27 May 2022

Twelve years in prison for major player in drugs gang

A self-confessed member of a drugs gang caught in possession of €302,603 worth of heroin and cannabis in the Cashel, County Tipperary area, has received a 12-year jail sentence

Cork man handed receives 12-year jail sentence at Clonmel Circuit Court

A self-confessed member of a drugs gang caught in possession of €302,603 worth of heroin and cannabis in the Cashel, County Tipperary area, has received a 12-year jail sentence at Clonmel Circuit Court for importing and possessing drugs for sale or supply to others.

Judge Tom Teehan handed down the sentence to Liam McCarthy with an address at 9 Liam Lynch Park, Glasheen, Bishopstown, Cork, who was caught in possession of 1.5kg of cannabis in a van stopped by gardai on the old Dublin Road near Cashel on January 28 last year.

In a follow up search, gardai found 2kgs of heroin and more cannabis at a house in Cashel, which McCarthy admitted responsibility for.

He received the 12-year jail term for importing cannabis with a value exceeding €13,000 and possessing heroin and cannabis valued at over €13,000 for the purpose of selling or supplying the drug to others on January 28 last year.

Judge Teehan imposed a concurrent 10 year sentence on McCarthy for possessing cannabis valued at more than €13,000 for the purpose of selling of supplying to others at Dublin Road, Cashel on January 28 last year.

The defendant, who Judge Teehan described as a "significant player" in the drugs gang he was involved in, pleaded guilty to the three offences.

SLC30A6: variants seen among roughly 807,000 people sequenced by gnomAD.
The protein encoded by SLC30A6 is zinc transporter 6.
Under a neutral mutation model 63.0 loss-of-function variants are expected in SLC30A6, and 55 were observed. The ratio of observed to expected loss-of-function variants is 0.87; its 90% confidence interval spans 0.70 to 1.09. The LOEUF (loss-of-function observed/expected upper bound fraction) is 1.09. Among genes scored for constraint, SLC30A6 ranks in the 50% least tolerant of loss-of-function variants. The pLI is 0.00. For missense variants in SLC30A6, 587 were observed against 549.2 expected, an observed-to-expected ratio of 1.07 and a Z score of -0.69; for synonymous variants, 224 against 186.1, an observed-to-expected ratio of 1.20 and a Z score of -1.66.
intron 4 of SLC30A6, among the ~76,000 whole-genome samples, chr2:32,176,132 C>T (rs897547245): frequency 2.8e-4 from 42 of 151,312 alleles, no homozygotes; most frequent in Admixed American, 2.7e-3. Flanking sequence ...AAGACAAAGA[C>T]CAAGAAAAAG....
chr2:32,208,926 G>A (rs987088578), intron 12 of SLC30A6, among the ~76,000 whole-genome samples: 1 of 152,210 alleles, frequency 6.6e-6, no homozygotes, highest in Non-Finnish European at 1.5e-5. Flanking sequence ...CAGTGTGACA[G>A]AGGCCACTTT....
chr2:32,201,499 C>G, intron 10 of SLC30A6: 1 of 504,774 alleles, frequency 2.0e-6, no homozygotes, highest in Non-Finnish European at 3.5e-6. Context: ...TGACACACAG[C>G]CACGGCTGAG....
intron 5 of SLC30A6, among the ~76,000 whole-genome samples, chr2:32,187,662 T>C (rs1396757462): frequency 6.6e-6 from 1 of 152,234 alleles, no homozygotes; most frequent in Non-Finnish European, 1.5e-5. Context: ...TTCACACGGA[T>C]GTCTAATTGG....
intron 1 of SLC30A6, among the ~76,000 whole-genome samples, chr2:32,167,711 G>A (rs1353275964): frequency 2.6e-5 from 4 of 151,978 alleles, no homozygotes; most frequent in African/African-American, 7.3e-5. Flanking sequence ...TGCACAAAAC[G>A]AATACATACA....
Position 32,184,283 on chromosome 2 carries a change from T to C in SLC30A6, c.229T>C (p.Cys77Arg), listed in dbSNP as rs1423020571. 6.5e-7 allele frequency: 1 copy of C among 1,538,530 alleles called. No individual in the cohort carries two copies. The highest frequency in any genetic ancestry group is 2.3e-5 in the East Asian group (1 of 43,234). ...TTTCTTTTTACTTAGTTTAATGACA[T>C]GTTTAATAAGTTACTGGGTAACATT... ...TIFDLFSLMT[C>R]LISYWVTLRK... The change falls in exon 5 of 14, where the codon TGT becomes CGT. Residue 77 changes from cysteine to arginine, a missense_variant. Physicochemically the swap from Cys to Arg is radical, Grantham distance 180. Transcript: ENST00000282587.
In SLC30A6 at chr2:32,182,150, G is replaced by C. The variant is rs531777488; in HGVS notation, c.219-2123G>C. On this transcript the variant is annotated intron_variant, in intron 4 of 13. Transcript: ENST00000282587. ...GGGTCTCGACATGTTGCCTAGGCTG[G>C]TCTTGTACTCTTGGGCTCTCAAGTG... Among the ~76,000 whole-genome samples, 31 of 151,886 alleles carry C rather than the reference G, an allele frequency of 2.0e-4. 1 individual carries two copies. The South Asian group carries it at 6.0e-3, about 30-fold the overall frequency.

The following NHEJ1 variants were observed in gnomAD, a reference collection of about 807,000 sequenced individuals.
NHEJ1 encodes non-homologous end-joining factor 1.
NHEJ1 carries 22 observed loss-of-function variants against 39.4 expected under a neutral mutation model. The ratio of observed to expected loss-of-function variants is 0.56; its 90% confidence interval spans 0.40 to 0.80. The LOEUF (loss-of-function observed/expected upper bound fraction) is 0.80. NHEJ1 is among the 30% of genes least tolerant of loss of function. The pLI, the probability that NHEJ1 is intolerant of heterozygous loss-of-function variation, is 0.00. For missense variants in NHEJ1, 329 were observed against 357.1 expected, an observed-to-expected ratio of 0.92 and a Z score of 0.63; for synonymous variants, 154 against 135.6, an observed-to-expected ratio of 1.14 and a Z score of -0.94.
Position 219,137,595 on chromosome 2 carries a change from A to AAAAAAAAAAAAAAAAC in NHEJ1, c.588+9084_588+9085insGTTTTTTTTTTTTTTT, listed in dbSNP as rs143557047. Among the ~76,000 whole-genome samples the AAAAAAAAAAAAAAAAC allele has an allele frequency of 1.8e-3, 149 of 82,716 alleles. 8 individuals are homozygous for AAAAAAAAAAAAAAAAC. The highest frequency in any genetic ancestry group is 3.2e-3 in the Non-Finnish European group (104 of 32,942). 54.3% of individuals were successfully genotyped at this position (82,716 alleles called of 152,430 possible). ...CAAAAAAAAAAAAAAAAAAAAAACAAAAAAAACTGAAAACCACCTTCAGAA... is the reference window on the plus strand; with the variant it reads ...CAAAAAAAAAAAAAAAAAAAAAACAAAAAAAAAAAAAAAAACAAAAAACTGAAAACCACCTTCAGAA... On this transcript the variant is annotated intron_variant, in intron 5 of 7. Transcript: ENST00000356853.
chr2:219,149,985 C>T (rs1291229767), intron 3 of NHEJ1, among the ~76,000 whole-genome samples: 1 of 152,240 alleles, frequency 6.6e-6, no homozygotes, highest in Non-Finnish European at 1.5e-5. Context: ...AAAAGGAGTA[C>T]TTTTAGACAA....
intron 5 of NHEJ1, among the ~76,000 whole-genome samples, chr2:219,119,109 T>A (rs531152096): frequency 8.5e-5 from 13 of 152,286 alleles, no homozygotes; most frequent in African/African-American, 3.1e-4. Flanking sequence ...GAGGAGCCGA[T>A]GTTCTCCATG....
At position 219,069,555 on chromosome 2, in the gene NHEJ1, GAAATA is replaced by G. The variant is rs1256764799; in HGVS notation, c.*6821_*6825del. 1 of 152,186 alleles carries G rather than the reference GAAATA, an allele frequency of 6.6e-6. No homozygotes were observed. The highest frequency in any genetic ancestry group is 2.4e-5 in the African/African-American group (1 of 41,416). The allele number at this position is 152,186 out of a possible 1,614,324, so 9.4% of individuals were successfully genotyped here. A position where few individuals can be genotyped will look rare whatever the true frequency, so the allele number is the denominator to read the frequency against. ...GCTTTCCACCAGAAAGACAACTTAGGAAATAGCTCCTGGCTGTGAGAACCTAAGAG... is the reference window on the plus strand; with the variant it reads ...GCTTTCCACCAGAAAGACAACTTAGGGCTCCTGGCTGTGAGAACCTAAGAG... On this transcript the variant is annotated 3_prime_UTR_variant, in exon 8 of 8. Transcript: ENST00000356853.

The court heard Detective Garda Paul Leahy received confidential information about McCarthy travelling on the M8 Dublin to Cork motorway in a white Ford transit van and that he was transporting drugs.

Det. Gda. Leahy said members of the Garda Drugs Unit travelled to Horse and Jockey and began a surveillance operation.
They were assisted by local gardai and Armed Support Unit officers.

Liam McCarthy had a connection with the town of Cashel and it was felt he may leave the motorway at Cashel. The white van was stopped by gardai on the old Dublin Road near Cashel. The driver Liam McCarthy was accompanied by a female passenger. Three packages were found during a search of the vehicle. They contained 1.5kgs of cannabis herb.

Det. Leahy continued that McCarthy was arrested and taken to Cahir Garda Station. Gardai obtained a search warrant to search 9 Connors Close, Cashel, the address of McCarthy's girlfriend at the time.  During the search of that premises, gardai found 2kgs of heroin in a wardrobe, €1650 cash and a quantity of suspected cannabis wrapped in cling film in a carrier bag. A total of €279,450 worth of heroin and €23,153 worth of cannabis was seized in the whole operation.

Liam McCarthy told gardai he owed a personal debt and had to take the cannabis found in the van to Cork. He said he was addicted to cannabis for 20 years. When interviewed about the heroin seizure at the Cashel house, McCarthy claimed ownership of the drugs and told gardai he was living at that house with his partner, who was the occupier of the property.
He told gardai he received the heroin three to four weeks ago in Cashel and was instructed to hold onto it and wait for a call. The cannabis found in the house was for his own personal use and he said the cash was his life savings from selling cars.

Det. Leahy said McCarthy admitted collecting and storing drugs for the last four to five years and he accepted he was a trusted member of a drugs gang. His role was to travel to another jurisdiction to collect drugs and store them to keep the supply chain going. The detective pointed out a number of mobile phones were seized during the searches. Gardai found messages toing and froing between the defendant and an English number. One message was about a meeting in a car park but it was changed because there were too many cameras in the area.